China’s total cheese import volume reached 47,316 tonnes (€170 million) in 2013, representing a 22% increase on 2012 and a 106% increase on 2010, according to Alan O’Brien, of Bord Bia’s Shanghai Office.
Citing latest customs figures, O’Brien said in the first five months of 2014, imports increased by 57% over the same period last year. In 2013, import volumes were dominated by New Zealand (45%), Australia (25.5%), US (23%), France (3%) and Italy (2.5%), with import volumes sold predominantly as processed product into foodservice outlets.
O’Brien noted that in considering the opportunities within the Chinese market, it is important to highlight the fact that core growth within the market is restricted to select urban centres – Shanghai (35%), Beijing (23%),Guangzhou (22%) and Tianjin (8%) – that are increasingly westernised at foodservice level (restaurants, hotels, bakery) where China’s increasingly affluent and burgeoning middle class are developing growing tastes for products such as burgers and pizza.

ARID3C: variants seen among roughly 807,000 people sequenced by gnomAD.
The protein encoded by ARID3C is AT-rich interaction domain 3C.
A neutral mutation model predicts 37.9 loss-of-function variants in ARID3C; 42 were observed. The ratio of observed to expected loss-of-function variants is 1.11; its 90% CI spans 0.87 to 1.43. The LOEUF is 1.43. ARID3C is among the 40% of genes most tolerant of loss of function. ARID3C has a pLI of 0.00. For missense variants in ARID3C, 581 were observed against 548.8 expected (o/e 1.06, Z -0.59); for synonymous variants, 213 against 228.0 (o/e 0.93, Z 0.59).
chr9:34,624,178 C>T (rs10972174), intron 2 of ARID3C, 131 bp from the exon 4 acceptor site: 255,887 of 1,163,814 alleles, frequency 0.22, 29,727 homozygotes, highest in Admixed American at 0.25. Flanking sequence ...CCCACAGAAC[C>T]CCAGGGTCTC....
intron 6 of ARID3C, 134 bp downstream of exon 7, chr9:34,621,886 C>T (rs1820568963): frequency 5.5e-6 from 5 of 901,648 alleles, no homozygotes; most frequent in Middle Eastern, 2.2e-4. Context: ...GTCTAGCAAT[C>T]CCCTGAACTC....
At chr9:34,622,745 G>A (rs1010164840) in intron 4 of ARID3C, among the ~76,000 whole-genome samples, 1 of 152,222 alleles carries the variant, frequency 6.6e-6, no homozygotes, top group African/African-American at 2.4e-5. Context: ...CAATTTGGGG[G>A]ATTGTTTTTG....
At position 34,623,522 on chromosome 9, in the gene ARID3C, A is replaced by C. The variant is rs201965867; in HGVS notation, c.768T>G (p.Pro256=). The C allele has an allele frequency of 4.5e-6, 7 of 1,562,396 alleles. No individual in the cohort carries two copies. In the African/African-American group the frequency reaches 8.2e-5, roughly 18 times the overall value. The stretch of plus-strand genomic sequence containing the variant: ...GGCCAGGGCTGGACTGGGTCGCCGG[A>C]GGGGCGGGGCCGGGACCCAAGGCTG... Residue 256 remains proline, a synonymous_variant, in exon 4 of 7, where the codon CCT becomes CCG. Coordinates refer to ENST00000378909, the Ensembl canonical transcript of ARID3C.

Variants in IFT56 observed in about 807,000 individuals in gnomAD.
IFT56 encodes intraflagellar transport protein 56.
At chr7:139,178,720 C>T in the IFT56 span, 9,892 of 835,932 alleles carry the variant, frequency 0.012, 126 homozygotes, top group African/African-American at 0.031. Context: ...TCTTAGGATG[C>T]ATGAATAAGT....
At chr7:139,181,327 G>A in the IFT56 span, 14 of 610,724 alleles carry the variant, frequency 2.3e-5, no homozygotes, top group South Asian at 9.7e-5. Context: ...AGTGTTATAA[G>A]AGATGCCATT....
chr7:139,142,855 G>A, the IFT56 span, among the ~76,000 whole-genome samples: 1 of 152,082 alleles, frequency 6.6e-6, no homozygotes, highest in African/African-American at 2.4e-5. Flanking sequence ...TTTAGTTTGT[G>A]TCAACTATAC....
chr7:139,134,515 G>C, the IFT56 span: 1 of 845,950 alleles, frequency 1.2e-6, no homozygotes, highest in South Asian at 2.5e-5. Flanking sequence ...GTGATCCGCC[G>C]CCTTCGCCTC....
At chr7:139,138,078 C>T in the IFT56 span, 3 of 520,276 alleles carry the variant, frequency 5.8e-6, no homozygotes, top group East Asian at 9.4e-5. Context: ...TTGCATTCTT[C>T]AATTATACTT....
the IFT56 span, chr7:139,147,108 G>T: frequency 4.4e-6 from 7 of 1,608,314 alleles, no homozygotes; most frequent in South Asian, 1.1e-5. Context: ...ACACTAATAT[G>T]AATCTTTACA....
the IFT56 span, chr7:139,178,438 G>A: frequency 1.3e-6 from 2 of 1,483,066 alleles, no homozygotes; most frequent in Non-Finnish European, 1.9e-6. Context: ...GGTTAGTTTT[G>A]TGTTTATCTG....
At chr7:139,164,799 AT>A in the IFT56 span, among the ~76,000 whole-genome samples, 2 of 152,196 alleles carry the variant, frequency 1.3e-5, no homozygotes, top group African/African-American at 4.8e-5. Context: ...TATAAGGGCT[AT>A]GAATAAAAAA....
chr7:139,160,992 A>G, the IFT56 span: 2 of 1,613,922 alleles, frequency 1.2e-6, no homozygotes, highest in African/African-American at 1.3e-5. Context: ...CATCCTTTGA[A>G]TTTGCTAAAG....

“According to Orrani (2014), just 20% of the sales of cheeses currently go through retail level and, as highlighted by Euromonitor (2014), the market remains predominantly a market for processed cheeses (spreadable/unspreadable) as opposed to more developed markets in Europe, where cheese culture is ingrained and consumers favour hard cheeses over that of processed products.”
O’Brien noted that in terms of cheese consumption, China remains in its infancy (per annum capita consumption 25g compared to 26kg in France). He said over the next number of years, this category will continue to develop and will see consumer tastes slowly adapt, with preferences shifting to incorporate more unprocessed and hard cheeses associated with European consumers.